I am blogging to:Everybody Knows This Is Nowhere|W|P|112111212715237310|W|P|it is so goddamn hot|W|Pfirstname.lastname@example.org/03/2005 11:25:00 PM|W|P|dan|W|P|I'm listening to Television's The Blow Up LP (and it's a real LP, there's a lovely circle of green vinyl revolving thirty three and a third times a minute over there in the corner right now), and I have been struck by the urge to put something down about this music. Because this is it. This is what thirty years (at the time of recording) of rock music's evolution was reaching towards. This is what you play to sniffy critics who maintain that rock 'n' roll can't be an artform. It may well be the best guitar record ever recorded. When guitar fans talk about fantastic playing, they often end up discussing idiotic hard rock, made by men with names like Zakk Wylde and Yngwie Malmsteen. This has none of that slobbering meathead notes per minute virtuosity, or tiresome dependence on the blues. It's from somewhere else, icy and cerebral, but filled with passion and excitement. This is music big enough to contain both those extremes.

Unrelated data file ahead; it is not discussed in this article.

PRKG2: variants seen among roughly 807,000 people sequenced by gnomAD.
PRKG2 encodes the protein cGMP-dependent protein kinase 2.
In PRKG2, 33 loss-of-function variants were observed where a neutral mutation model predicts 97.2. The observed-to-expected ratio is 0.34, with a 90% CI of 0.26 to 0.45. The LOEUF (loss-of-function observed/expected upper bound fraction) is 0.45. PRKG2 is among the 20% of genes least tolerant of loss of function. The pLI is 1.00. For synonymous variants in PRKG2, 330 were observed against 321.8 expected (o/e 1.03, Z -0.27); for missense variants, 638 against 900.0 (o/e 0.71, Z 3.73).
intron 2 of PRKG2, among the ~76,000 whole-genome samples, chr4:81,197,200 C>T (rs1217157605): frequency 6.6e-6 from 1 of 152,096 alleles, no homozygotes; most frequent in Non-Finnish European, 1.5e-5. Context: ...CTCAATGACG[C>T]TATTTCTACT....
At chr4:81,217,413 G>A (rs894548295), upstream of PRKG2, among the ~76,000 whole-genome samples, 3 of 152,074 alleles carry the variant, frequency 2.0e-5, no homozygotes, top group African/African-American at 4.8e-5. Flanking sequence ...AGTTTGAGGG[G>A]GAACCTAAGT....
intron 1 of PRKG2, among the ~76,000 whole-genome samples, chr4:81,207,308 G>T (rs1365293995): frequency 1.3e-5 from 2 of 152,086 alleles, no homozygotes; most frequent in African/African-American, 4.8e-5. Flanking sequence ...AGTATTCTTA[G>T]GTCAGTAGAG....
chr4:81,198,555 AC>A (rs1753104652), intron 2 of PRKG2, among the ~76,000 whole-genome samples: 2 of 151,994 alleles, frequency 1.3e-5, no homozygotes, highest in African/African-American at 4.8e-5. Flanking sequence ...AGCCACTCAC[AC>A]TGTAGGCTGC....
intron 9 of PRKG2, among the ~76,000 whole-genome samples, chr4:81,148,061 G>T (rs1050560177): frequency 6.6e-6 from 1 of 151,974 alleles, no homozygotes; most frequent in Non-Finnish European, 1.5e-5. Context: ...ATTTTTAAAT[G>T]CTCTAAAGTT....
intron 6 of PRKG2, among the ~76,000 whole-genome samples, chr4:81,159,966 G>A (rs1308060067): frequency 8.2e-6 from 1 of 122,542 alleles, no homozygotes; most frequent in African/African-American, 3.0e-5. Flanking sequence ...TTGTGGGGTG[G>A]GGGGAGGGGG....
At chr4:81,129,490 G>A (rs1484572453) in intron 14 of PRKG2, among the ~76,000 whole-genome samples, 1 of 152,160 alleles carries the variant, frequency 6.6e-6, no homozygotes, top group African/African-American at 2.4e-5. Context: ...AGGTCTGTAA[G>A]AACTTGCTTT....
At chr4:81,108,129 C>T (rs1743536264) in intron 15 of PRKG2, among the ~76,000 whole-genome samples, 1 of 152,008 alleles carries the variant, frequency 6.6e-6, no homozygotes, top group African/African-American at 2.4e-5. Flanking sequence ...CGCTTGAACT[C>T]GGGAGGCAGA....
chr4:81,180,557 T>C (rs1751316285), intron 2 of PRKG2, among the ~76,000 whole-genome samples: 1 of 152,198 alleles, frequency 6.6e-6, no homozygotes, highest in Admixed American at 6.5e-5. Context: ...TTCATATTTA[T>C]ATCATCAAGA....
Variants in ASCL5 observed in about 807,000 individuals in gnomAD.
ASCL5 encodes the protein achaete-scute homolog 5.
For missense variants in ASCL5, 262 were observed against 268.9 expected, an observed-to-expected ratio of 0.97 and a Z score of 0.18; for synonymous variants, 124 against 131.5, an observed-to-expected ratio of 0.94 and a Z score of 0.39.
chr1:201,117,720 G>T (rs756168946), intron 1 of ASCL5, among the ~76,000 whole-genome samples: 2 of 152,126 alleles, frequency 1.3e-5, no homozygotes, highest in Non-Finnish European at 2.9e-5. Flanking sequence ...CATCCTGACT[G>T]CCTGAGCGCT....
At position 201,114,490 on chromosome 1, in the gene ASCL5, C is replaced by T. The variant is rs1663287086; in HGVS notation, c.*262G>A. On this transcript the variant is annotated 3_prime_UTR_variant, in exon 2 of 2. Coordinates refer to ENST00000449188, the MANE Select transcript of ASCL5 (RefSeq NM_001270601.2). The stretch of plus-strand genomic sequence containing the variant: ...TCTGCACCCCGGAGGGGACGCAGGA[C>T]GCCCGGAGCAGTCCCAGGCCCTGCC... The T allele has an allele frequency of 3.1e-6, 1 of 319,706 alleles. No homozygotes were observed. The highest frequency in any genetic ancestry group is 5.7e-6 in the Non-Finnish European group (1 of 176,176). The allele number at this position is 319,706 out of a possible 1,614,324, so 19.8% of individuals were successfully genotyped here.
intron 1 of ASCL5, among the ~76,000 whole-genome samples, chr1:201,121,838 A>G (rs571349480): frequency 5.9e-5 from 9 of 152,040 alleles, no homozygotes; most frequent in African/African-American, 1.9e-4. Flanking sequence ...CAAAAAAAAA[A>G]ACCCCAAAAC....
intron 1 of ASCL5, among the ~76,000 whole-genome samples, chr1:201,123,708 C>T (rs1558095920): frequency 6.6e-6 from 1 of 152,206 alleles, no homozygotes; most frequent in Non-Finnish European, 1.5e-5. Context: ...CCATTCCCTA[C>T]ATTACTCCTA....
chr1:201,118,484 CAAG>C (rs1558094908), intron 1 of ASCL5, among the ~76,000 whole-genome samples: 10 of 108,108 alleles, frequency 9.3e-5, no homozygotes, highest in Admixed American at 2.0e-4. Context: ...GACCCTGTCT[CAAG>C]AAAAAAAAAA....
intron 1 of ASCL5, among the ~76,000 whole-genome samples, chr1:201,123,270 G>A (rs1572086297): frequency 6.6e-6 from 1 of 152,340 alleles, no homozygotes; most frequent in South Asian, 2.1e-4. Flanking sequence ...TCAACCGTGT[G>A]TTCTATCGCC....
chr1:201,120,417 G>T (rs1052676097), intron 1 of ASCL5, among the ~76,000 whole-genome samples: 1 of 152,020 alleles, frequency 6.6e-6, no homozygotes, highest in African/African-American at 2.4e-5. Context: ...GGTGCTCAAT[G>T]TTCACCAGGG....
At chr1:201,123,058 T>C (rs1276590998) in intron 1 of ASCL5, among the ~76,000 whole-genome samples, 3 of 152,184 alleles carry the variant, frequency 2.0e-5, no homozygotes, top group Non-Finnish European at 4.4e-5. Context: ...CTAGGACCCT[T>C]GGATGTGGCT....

A live record, originally a bootleg, it was recorded on their final tour in 1978. It's like jazz in that it takes an existing set of material and then entirely recasts it, as the two guitarists, Tom Verlaine and Richard Lloyd, take the songs to places never dreamt of in the studio versions. You can hear echoes of Coltrane's sheets of sound in the improvised solos that dominate the record's two highlights, extended fifteen minute workouts on what are nominally "Little Johnny Jewel" and "Marquee Moon", but really it's otherworldly stuff. Rock music never sounded like this before, and sadly, it has all too little since. It's the first record I've listened to in a long long time that has forced me to stop, turn and look at the stereo, and made me feel absolutely subsumed in wonder, this beautiful angular electric noise that comes spiralling endlessly out of the speakers and picks you up and carries you along with it, until "Marquee Moon" finally ends, and you're left shaking your head and mumbling about how you didn't know music could be like that, could do this to you.